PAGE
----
1. Thanks for taking the time to post.

    Was not aware of the MOA 10/22 receiver or all the really high quality products from KIDD.

    Have been interested in building a high quality 22 auto for a while, now the options that I was hoping for do exist.

    Thanks and enjoy your project.

    JL

    ReplyDelete
  2. Wow! Thanks for doing my work for me....too late!
    I'm now left with a stock barrel and stock after putting my custom job together. Your post is still a major resource for me, thanks again.
    lexdee@hotmail.com

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  3. Thanks so much for posting all of this. I'm deployed with the military right now and looking for a way to spend some money and occupy my free time. I thought building a 10/22 would be fun, but it was turning into a big head ache until I found this site. Now all I have to is choose my parts and follow your blog.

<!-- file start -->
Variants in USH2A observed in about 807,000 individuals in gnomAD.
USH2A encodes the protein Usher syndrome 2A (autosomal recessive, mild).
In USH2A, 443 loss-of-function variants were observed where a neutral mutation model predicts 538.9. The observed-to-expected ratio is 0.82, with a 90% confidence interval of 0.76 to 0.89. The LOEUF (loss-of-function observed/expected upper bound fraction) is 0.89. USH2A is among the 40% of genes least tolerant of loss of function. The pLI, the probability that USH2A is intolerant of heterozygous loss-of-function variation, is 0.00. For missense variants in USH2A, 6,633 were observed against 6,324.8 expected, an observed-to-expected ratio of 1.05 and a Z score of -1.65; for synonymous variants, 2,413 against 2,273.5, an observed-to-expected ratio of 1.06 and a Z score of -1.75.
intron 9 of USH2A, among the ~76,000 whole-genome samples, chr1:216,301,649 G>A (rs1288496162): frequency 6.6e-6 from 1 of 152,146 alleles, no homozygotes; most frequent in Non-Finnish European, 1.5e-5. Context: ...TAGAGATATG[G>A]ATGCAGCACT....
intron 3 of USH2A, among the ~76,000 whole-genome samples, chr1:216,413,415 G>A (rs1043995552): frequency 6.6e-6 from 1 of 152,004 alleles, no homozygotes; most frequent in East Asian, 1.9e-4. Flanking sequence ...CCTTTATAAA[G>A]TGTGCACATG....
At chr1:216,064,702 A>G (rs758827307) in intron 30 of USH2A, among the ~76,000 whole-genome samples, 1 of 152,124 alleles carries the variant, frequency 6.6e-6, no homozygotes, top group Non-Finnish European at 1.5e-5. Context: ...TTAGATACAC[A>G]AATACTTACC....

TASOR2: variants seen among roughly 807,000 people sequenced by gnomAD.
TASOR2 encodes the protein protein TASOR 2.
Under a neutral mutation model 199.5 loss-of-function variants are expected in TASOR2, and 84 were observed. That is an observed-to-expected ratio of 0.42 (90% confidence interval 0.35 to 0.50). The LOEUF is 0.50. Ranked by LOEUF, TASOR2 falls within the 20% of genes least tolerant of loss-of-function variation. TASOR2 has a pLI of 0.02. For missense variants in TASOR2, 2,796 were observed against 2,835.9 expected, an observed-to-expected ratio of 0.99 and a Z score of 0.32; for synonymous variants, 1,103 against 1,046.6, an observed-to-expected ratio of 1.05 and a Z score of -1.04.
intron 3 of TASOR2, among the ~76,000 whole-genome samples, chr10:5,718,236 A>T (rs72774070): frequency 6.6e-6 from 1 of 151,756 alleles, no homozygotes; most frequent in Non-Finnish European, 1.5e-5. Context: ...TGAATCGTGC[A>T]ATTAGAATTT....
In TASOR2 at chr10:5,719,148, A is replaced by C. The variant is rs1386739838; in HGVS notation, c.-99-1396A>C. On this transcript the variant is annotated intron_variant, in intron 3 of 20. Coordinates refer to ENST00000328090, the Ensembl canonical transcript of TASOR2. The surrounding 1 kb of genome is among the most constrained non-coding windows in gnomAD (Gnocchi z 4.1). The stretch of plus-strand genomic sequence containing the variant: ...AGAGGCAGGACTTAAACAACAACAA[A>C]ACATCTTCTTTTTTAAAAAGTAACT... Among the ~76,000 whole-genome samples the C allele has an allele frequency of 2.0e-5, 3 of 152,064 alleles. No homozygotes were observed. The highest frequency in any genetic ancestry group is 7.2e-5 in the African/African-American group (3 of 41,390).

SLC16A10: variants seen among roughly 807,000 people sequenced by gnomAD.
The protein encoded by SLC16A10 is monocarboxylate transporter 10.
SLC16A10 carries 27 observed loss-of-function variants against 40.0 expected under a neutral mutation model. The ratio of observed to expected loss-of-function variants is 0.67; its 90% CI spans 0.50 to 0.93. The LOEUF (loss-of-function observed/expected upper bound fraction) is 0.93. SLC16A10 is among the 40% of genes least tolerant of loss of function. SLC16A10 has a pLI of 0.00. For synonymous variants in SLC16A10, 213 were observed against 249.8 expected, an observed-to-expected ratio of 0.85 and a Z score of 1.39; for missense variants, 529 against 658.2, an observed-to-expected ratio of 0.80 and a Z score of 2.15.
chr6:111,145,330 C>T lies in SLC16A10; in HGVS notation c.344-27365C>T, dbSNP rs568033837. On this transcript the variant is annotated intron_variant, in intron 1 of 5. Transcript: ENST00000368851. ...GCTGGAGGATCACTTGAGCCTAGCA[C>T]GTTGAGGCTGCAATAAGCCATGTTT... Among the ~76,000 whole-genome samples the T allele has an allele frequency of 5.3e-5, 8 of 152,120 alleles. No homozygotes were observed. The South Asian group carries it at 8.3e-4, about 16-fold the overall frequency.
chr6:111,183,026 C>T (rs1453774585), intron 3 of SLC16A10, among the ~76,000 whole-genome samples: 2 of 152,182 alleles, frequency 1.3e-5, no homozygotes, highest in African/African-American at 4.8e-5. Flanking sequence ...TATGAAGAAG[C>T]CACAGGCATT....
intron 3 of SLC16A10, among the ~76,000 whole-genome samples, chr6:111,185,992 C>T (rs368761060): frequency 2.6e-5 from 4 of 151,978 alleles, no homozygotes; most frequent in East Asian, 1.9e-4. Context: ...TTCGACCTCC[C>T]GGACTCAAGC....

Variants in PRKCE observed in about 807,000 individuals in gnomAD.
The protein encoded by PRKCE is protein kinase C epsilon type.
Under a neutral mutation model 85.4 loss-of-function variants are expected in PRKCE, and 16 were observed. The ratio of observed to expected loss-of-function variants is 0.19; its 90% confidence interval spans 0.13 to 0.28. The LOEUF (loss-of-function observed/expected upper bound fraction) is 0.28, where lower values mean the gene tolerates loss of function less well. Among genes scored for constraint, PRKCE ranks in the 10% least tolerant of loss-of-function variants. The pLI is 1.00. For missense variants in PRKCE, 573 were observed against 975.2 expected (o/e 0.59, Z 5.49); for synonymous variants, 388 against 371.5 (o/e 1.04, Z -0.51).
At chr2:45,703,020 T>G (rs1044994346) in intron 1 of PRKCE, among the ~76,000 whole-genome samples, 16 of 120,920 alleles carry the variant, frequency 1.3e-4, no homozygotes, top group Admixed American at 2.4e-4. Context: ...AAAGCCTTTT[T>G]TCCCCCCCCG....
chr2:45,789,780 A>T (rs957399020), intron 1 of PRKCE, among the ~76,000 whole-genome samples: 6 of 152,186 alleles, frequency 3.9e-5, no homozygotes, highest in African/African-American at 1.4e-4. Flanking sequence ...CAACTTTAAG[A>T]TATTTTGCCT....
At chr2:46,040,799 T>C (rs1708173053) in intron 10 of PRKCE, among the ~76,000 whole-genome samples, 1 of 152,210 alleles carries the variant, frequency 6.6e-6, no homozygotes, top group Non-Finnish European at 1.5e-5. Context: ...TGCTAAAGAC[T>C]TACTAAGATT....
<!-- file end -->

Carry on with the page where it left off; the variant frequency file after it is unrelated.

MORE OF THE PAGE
You've saved me days of work, especially since I barely get 56kbps here on a good day.

    ReplyDelete
  4. Todd, glad this helped. Bruce but a lot of research, thought and work into building his 10/22 and he was very generous to share the information. Once yours is built, please let me know and we'll post a picture of it. If you have any added nuggets of info you learned, we'll share those too. Thank you.

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  5. So the last post was in 2010..Here I am in May 2013 and can only repeat what many here have said - THANK YOU!

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  6. 2014 and I found this in time to keep me from wasting the stock 22 I was about to purchase. Thank you for doing the hard work!

    ReplyDelete